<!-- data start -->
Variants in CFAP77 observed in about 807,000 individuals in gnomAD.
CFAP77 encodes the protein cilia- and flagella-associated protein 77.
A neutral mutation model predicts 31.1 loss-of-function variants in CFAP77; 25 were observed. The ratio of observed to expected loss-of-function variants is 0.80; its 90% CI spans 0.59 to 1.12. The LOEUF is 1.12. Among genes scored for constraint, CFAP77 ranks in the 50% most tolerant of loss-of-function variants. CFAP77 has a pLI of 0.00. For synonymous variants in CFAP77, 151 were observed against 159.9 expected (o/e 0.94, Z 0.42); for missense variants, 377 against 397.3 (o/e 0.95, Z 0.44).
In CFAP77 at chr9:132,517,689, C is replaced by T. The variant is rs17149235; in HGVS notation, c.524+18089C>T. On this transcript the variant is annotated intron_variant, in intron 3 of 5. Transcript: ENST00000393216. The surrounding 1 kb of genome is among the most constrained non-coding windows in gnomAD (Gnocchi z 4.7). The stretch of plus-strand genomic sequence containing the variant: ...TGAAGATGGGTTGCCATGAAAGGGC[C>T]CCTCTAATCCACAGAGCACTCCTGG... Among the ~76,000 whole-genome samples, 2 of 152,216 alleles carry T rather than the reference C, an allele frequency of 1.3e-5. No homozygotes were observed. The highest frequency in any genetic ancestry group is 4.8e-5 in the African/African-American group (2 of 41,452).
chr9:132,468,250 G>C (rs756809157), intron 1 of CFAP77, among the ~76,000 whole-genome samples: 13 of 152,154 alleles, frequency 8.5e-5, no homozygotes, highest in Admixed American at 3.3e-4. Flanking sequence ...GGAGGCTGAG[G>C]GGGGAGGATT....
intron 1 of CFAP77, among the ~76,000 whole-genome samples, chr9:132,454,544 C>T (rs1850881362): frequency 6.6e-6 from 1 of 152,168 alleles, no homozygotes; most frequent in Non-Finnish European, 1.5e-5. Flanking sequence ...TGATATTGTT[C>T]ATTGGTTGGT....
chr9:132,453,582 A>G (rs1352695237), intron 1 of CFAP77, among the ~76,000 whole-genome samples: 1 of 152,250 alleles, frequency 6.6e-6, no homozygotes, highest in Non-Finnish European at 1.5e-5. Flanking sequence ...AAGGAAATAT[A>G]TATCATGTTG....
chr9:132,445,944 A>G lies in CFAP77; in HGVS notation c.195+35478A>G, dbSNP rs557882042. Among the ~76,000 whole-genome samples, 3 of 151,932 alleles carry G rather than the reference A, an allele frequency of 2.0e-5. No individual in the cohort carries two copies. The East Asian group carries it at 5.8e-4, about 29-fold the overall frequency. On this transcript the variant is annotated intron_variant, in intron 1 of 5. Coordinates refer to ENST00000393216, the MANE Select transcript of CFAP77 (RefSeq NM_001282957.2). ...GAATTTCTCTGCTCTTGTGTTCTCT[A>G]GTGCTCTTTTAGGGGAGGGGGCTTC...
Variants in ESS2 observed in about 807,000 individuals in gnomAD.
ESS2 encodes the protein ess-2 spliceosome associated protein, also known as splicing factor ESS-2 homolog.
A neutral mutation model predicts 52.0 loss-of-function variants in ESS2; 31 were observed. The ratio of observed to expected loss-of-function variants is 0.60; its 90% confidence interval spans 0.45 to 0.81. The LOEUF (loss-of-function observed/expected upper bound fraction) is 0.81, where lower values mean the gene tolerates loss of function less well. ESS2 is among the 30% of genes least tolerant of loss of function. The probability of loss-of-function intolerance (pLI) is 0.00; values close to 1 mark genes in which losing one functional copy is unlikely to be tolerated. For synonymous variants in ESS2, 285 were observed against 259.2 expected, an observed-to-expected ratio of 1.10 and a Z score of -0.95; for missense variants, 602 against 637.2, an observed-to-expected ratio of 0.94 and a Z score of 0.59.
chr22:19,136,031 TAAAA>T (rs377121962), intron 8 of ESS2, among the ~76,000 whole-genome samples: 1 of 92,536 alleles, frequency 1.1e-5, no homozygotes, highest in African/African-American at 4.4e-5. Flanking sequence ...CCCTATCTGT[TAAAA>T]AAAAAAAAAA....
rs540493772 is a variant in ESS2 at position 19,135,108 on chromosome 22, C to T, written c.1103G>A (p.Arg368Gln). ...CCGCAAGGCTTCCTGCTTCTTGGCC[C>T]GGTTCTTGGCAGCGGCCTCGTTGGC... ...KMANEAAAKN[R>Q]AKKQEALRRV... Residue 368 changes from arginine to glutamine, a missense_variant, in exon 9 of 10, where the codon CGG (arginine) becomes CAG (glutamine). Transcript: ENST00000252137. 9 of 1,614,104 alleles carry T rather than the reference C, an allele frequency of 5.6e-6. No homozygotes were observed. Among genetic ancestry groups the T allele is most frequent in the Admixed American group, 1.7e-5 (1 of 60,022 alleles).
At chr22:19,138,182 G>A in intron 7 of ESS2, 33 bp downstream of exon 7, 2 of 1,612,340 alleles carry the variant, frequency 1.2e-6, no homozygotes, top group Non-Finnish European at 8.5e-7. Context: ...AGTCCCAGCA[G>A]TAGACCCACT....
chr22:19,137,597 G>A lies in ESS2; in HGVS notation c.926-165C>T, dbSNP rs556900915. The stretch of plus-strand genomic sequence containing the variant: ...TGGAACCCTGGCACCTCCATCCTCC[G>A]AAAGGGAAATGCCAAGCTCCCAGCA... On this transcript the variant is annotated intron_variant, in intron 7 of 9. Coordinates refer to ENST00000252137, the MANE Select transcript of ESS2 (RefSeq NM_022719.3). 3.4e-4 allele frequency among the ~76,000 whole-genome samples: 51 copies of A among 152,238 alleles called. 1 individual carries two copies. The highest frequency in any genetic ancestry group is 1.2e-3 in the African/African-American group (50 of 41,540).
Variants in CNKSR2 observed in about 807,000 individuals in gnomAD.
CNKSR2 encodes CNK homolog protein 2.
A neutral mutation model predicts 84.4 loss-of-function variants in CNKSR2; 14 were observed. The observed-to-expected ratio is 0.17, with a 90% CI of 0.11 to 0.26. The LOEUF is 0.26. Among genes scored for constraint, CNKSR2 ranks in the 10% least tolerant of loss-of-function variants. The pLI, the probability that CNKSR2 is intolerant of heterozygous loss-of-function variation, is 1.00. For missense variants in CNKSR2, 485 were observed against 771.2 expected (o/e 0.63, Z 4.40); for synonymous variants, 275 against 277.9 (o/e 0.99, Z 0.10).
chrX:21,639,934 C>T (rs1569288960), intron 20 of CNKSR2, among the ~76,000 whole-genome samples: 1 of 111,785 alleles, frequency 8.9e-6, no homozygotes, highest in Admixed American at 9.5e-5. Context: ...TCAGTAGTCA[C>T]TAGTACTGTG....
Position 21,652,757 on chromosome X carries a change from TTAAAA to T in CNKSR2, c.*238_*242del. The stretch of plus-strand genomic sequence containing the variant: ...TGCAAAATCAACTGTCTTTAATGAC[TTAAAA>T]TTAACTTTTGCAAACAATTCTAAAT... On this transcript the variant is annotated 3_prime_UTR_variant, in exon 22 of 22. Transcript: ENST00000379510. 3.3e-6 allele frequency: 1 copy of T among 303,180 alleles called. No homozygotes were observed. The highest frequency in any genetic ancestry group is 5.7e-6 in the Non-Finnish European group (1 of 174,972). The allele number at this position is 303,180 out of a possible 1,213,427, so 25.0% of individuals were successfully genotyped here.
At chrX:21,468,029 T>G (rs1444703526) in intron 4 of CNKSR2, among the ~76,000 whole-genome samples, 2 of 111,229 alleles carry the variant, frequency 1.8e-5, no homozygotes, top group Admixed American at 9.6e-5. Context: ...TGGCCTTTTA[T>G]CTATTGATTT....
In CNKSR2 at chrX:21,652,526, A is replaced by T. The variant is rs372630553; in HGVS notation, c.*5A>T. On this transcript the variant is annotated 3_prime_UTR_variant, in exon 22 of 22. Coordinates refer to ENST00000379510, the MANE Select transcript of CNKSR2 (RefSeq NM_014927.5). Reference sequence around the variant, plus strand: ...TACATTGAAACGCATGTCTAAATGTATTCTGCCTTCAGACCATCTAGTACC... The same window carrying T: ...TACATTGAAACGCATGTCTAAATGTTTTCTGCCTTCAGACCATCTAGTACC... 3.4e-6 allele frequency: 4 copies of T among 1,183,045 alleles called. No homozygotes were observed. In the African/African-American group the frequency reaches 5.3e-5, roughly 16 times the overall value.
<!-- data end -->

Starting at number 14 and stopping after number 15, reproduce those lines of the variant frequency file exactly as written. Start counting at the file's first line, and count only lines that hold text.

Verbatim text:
At chr22:19,138,182 G>A in intron 7 of ESS2, 33 bp downstream of exon 7, 2 of 1,612,340 alleles carry the variant, frequency 1.2e-6, no homozygotes, top group Non-Finnish European at 8.5e-7. Context: ...AGTCCCAGCA[G>A]TAGACCCACT....
chr22:19,137,597 G>A lies in ESS2; in HGVS notation c.926-165C>T, dbSNP rs556900915. The stretch of plus-strand genomic sequence containing the variant: ...TGGAACCCTGGCACCTCCATCCTCC[G>A]AAAGGGAAATGCCAAGCTCCCAGCA... On this transcript the variant is annotated intron_variant, in intron 7 of 9. Coordinates refer to ENST00000252137, the MANE Select transcript of ESS2 (RefSeq NM_022719.3). 3.4e-4 allele frequency among the ~76,000 whole-genome samples: 51 copies of A among 152,238 alleles called. 1 individual carries two copies. The highest frequency in any genetic ancestry group is 1.2e-3 in the African/African-American group (50 of 41,540).